16 October 2017
NEW YORK, 13 October 2017 (Issued as received) – Arbitrary violence by police can amount to torture, even when it takes place outside prison walls, the United Nations Special Rapporteur on torture, Nils Melzer, has told the UN General Assembly in New York.
“Any unnecessary, excessive or otherwise arbitrary use of force by law enforcement officials is incompatible with the absolute prohibition of cruel, inhuman or degrading treatment,” the expert said, presenting his latest report to the UN General Assembly.
“Where such force intentionally and purposefully inflicts pain or suffering on powerless individuals, who are unable to escape or resist, it is always conclusively unlawful and may even amount to torture,” he stated.
Mr. Melzer said he wanted to clarify that the prohibition of torture applied to “all and any use of force by law enforcement officials, including outside prison walls”, to help ensure that States prevented torture and ill-treatment in all circumstances.
“States must ensure that their law enforcement agents are trained, equipped and instructed to avoid any unnecessary, excessive or otherwise arbitrary use of force, and to give priority to non-violent means of carrying out their duty,” Mr. Melzer said, outlining a series of recommendations to reduce the use of force.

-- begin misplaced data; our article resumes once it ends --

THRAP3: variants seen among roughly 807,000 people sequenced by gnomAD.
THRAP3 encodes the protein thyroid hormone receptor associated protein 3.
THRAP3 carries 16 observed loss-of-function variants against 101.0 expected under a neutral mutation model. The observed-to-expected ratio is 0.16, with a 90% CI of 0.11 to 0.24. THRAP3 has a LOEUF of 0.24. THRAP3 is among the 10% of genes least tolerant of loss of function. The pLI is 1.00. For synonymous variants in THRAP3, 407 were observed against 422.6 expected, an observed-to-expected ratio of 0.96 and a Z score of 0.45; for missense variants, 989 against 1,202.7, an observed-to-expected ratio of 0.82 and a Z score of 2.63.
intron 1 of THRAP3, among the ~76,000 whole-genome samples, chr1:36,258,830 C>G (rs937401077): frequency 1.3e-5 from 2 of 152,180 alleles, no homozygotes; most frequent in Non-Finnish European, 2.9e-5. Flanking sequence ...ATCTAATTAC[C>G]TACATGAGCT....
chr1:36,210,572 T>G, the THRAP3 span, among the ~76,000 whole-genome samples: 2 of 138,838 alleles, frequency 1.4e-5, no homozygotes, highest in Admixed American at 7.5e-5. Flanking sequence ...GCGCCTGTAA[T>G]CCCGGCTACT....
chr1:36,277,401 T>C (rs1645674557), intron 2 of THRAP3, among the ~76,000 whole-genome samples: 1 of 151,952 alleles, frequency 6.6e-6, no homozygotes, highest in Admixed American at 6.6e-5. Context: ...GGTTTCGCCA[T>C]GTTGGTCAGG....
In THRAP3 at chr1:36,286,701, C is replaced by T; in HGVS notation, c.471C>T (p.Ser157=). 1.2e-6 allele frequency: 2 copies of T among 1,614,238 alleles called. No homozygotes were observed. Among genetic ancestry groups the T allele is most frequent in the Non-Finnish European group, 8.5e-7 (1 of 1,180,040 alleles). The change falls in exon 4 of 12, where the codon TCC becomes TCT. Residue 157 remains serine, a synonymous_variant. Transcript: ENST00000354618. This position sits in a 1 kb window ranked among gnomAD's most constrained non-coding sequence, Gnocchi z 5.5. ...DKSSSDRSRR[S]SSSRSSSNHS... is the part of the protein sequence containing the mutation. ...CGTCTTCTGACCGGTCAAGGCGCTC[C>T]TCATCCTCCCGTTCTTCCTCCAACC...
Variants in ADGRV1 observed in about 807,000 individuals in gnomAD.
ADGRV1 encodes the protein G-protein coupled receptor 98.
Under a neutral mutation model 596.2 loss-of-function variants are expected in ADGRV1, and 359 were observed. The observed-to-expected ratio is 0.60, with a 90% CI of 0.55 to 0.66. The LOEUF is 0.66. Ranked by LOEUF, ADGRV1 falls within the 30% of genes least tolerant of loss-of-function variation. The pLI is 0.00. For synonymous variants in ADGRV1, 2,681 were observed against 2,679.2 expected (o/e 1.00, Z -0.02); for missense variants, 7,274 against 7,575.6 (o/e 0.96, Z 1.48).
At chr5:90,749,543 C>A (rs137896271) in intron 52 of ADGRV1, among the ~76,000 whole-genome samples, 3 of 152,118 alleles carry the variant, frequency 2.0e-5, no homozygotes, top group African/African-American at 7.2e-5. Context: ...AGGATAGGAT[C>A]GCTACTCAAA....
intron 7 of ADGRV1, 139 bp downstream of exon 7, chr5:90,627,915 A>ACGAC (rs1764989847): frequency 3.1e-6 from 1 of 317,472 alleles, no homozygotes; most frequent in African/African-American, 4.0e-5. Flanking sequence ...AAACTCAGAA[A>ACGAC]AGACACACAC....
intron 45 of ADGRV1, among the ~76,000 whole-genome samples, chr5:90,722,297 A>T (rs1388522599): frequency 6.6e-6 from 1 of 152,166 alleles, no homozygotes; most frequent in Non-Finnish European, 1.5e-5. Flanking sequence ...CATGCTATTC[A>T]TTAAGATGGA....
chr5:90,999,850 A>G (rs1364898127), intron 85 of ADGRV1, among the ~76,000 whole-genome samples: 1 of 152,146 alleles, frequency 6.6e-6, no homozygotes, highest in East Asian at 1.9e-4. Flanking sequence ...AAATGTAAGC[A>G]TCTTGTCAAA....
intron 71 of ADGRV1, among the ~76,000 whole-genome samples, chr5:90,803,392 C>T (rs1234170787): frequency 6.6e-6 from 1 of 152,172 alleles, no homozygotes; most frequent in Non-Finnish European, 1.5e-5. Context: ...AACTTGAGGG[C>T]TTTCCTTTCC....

“If the use of force is unavoidable, State officials must exercise restraint and act in proportion to the seriousness of the offence and the legitimate purpose to be achieved.”
Specific weapons and riot control devices used by police and security forces could themselves be illegal, the Special Rapporteur warned.
“A weapon or any other means of law enforcement must be considered as inherently cruel, inhuman or degrading, and therefore absolutely prohibited, whenever it is specifically designed, or is of a nature, to employ unnecessary, excessive or otherwise arbitrary force, against human beings,” the expert said.
“Overall, I hope my report will clarify that arbitrary police violence is not just bad policy, but amounts to torture or other cruel, inhuman or degrading treatment,” he concluded. “Any tolerance, acquiescence or impunity for such abuse amounts to a serious violation of international law.”
Mr. Nils Melzer (Switzerland) was appointed by the UN Human Rights Council as the Special Rapporteur on torture and other cruel, inhuman or degrading treatment or punishment in November 2016. Mr. Melzer has previously worked for the International Committee of the Red Cross and the Swiss Federal Department of Foreign Affairs and is currently the Human Rights Chair of the Geneva Academy of International Humanitarian Law and Human Rights. The Independent Experts are part of what is known as the Special Procedures of the Human Rights Council. Special Procedures, the largest body of independent experts in the UN Human Rights system, is the general name of the Council’s independent fact-finding and monitoring mechanisms that address either specific country situations or thematic issues in all parts of the world. Special Procedures’ experts work on a voluntary basis; they are not UN staff and do not receive a salary for their work. They are independent from any government or organization and serve in their individual capacity. For inquiries and media requests, please contact Ms. Alia El Khatib (+41 22 917 9209 email@example.com), or write to firstname.lastname@example.org For media inquiries related to other UN independent experts: Bryan Wilson – Media Unit (+ 41 22 917 9826 / email@example.com)
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